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Passport for Travel from Louisiana to Matagorda, Texas. Issued in New Orleans on November 21, 1836. Printed form, approximately 16 x 9 3/4 inches.
Tarlton Special Collections has a significant collection of early Texas Republic materials which help support scholarly research and teaching on the relationship between the United States and the Republic of Texas. This 1836 passport is a fine example of a rare printed passport form used by states before 1838.
State issued passports from the state of Louisiana are extremely rare. They became obsolete in 1838 when responsibility for issuing passports was transferred from the individual states to the State Department.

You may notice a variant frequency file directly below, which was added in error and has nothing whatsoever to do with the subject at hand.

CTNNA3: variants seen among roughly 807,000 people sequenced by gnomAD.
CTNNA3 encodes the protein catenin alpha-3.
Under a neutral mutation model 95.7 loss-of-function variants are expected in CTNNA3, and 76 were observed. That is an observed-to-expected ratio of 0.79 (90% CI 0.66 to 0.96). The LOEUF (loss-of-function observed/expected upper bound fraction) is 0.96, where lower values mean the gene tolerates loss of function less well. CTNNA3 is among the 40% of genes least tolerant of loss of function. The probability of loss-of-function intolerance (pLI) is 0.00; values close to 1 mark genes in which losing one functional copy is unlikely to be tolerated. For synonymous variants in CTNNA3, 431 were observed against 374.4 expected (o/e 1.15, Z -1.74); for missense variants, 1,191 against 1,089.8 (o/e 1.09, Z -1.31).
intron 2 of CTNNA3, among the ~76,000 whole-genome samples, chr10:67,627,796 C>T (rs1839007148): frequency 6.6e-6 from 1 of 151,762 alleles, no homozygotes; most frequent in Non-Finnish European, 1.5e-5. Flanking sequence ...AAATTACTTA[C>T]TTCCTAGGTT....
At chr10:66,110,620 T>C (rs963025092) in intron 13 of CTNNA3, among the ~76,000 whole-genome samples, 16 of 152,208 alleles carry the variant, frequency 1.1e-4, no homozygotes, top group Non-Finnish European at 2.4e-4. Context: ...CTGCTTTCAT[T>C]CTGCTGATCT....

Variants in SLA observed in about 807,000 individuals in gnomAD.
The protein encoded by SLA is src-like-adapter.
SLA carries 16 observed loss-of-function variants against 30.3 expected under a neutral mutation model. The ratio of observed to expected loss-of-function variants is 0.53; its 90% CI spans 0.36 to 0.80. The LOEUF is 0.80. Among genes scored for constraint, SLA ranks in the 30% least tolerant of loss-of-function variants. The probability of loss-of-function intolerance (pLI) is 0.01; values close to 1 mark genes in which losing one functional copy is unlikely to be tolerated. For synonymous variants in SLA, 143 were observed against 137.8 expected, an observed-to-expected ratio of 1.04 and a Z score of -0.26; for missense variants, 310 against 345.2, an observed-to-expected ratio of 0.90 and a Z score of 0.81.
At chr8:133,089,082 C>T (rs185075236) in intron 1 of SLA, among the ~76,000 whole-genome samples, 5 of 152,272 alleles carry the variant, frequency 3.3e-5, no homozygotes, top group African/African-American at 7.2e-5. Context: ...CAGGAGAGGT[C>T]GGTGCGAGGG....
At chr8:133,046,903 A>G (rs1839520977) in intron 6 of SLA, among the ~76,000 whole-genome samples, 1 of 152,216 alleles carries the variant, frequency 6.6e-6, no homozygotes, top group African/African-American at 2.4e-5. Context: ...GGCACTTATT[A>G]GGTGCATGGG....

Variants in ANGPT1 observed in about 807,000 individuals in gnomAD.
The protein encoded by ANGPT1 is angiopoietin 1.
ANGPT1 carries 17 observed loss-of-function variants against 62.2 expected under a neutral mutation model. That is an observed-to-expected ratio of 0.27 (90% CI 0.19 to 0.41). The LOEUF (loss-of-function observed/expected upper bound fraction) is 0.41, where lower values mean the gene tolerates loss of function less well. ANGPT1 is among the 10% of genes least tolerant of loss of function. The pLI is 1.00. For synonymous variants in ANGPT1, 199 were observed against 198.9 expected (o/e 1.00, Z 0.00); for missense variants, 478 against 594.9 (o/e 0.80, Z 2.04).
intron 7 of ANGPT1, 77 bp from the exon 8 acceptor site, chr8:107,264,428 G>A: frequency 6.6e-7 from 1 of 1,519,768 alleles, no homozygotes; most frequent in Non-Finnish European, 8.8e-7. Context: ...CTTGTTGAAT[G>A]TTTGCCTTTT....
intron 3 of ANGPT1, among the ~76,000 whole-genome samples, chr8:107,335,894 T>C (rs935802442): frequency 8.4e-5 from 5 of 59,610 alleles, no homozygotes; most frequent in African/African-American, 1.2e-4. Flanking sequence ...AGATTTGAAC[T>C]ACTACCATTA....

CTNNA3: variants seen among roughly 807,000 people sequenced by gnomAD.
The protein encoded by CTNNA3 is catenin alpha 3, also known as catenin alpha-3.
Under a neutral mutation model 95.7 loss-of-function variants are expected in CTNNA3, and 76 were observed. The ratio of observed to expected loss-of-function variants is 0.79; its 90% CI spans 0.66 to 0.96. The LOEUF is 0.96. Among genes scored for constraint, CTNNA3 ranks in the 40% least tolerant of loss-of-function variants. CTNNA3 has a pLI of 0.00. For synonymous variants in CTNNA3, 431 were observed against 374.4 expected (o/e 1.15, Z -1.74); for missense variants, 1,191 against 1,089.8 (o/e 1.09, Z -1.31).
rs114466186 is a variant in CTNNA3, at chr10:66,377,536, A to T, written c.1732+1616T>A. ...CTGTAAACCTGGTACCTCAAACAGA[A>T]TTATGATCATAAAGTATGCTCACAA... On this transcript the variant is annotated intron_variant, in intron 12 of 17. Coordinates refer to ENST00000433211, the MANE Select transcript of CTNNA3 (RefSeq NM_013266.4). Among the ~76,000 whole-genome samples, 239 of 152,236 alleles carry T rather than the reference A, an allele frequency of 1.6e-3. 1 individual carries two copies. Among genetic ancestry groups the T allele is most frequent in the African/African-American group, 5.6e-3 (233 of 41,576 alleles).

This passport was issued less than a year after the birth of the Republic of Texas on March 2, 1836, and before its official recognition by the United States in March 1837. Therefore, the passport authorizes travel "by sea to Matagorda" but does not mention Texas specifically.
The port town of Matagorda is the third oldest town in Texas. It was established in 1827 when Stephen F. Austin obtained permission from the Mexican government to build a town for incoming settlers.
The passport was issued to Hamilton W. Robinson, a New York lawyer hot on the trail of a crooked banker he had traced to Texas. Robinson was chasing Henry Bartow, who had brought the Commercial Bank of Albany to the brink of ruin and then fled to Texas to escape his debts.
Robinson's investigation successfully traced Bartow to Texas, but Bartow had died soon after his arrival in the new republic. Robinson was tasked with disinterring his body and returning it to New York.
Tarlton's Special Collections Department is pleased to welcome curious visitors who would like to explore our Republic of Texas materials.